Unlocking Your Market Potential

Seminar Report on the German Solar Market,
and Implications for US Renewable Energy Policies.
San Francisco, June 16 2009

Hosted by the German American Chamber of Commerce and PG&E.


With an entire day devoted to the presentation of current solar technology, costs and benefits compared to other energy sources, environmental concerns, and government policies, the day could best be summarized as an attempt to answer one key question: Why is there more solar capacity deployed in Germany than in the US?

Event write-up by Keith Rayner

The land area of the US is 26 times larger than Germany, and the intensity of solar radiation per square meter is about two to four times that in Germany, depending on the region. With a US population of over 300 million compared to Germany’s 82 million, there are plenty more residencies, businesses and land areas where consumers and corporations can install solar panels. However, in 2008, Germany’s total installed power produces around 5,300 MW at peak output, compared to the US with around 1,100 MWp. Otherwise stated, per capita Germany is 17 times more productive than the US.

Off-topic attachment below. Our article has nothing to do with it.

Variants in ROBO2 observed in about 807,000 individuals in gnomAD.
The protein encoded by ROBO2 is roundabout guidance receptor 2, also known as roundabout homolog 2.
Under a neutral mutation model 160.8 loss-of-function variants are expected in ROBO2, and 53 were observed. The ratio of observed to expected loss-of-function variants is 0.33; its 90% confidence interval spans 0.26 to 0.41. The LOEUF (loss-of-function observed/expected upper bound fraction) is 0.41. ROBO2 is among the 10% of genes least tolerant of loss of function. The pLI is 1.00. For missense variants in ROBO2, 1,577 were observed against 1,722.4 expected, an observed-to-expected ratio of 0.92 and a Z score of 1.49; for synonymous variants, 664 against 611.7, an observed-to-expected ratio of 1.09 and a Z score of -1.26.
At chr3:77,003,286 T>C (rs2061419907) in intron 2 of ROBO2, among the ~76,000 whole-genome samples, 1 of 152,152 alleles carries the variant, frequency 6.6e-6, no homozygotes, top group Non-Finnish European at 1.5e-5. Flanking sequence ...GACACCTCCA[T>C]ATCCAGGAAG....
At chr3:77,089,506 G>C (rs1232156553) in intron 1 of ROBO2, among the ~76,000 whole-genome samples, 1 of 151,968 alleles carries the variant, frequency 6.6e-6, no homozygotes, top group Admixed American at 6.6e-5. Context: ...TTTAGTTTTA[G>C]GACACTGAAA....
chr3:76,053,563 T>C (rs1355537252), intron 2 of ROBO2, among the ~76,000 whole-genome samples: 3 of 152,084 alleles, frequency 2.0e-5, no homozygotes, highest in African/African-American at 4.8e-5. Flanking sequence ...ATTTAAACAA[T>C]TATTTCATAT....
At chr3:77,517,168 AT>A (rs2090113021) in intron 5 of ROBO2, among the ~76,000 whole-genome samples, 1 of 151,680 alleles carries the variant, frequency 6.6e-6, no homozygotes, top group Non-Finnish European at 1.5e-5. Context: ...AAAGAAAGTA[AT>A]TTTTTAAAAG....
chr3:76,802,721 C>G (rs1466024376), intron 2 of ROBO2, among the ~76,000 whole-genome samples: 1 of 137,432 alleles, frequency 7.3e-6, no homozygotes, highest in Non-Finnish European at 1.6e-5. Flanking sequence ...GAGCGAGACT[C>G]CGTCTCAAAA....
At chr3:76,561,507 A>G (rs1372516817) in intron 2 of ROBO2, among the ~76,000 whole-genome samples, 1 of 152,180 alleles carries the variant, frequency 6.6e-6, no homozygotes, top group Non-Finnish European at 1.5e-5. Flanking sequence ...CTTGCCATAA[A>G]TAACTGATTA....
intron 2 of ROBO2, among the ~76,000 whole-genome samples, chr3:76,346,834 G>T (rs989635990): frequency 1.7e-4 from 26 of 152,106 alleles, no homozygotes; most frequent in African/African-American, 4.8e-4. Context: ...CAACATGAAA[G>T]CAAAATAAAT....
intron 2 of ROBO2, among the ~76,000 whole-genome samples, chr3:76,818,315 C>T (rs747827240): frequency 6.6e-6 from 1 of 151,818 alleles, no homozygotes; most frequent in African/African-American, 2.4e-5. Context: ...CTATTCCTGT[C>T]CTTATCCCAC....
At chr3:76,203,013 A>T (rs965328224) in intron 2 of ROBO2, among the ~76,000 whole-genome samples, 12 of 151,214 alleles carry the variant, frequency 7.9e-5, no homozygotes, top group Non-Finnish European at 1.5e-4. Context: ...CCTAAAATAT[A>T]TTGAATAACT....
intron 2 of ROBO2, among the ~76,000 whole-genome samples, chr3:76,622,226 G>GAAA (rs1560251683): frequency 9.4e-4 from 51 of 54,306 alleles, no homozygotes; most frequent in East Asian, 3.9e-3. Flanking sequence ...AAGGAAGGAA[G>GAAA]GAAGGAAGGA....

So why is the US is not taking advantage of this natural resource as much as some other countries?

Primarily it’s economics. Prices for natural gas and oil are higher in Germany than the US, in part because the US has a domestic supply of these resources, as well as relatively cheap hydroelectric power.

Energy policy and prices in the US are largely determined state by state and by local utilities, and some differences in solar deployment just within the US can be explained by variance in local energy costs to the consumer. So if solar energy is cheaper than other energy sources, generally you’ll see more solar production deployed.

However, the major influence on the balance between the price of solar energy and other energy sources is governmental policy. Taxation on gasoline is much higher in Germany than in the US, making solar more attractive. But governments that wish to support renewable energy can support solar in more direct ways.

One form is government incentives for the installation of solar, in the form of direct grants or rebates for solar installations. Here the taxpayer initially foots the bill.